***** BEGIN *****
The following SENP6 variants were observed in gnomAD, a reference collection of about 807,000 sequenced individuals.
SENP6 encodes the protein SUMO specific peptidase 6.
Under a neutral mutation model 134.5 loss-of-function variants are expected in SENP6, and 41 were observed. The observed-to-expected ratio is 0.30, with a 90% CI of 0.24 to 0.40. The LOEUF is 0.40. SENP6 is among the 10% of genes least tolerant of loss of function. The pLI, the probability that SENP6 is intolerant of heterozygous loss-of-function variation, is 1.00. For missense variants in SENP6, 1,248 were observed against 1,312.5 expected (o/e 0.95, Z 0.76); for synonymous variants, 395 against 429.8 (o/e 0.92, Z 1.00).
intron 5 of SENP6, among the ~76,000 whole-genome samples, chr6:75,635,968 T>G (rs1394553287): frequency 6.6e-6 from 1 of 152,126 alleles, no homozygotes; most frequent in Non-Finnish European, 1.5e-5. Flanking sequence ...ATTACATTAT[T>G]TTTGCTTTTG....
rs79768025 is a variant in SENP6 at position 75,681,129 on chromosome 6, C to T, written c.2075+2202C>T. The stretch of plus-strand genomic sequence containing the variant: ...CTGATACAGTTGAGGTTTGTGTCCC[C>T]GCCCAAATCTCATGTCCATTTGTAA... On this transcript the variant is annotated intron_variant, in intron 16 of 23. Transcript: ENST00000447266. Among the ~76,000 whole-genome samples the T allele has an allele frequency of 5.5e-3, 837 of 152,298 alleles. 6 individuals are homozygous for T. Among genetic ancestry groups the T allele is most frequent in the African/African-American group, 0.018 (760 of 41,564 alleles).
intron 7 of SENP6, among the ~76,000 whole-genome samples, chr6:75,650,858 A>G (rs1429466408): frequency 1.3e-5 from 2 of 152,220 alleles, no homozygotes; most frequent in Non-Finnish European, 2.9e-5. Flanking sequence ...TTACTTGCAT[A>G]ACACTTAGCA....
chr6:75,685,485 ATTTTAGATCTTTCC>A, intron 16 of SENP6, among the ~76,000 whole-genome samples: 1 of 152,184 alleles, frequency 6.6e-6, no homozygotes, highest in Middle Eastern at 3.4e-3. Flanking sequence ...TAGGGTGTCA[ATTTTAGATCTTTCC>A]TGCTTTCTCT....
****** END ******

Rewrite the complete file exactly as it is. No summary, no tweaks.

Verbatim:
The following SENP6 variants were observed in gnomAD, a reference collection of about 807,000 sequenced individuals.
SENP6 encodes the protein SUMO specific peptidase 6.
Under a neutral mutation model 134.5 loss-of-function variants are expected in SENP6, and 41 were observed. The observed-to-expected ratio is 0.30, with a 90% CI of 0.24 to 0.40. The LOEUF is 0.40. SENP6 is among the 10% of genes least tolerant of loss of function. The pLI, the probability that SENP6 is intolerant of heterozygous loss-of-function variation, is 1.00. For missense variants in SENP6, 1,248 were observed against 1,312.5 expected (o/e 0.95, Z 0.76); for synonymous variants, 395 against 429.8 (o/e 0.92, Z 1.00).
intron 5 of SENP6, among the ~76,000 whole-genome samples, chr6:75,635,968 T>G (rs1394553287): frequency 6.6e-6 from 1 of 152,126 alleles, no homozygotes; most frequent in Non-Finnish European, 1.5e-5. Flanking sequence ...ATTACATTAT[T>G]TTTGCTTTTG....
rs79768025 is a variant in SENP6 at position 75,681,129 on chromosome 6, C to T, written c.2075+2202C>T. The stretch of plus-strand genomic sequence containing the variant: ...CTGATACAGTTGAGGTTTGTGTCCC[C>T]GCCCAAATCTCATGTCCATTTGTAA... On this transcript the variant is annotated intron_variant, in intron 16 of 23. Transcript: ENST00000447266. Among the ~76,000 whole-genome samples the T allele has an allele frequency of 5.5e-3, 837 of 152,298 alleles. 6 individuals are homozygous for T. Among genetic ancestry groups the T allele is most frequent in the African/African-American group, 0.018 (760 of 41,564 alleles).
intron 7 of SENP6, among the ~76,000 whole-genome samples, chr6:75,650,858 A>G (rs1429466408): frequency 1.3e-5 from 2 of 152,220 alleles, no homozygotes; most frequent in Non-Finnish European, 2.9e-5. Flanking sequence ...TTACTTGCAT[A>G]ACACTTAGCA....
chr6:75,685,485 ATTTTAGATCTTTCC>A, intron 16 of SENP6, among the ~76,000 whole-genome samples: 1 of 152,184 alleles, frequency 6.6e-6, no homozygotes, highest in Middle Eastern at 3.4e-3. Flanking sequence ...TAGGGTGTCA[ATTTTAGATCTTTCC>A]TGCTTTCTCT....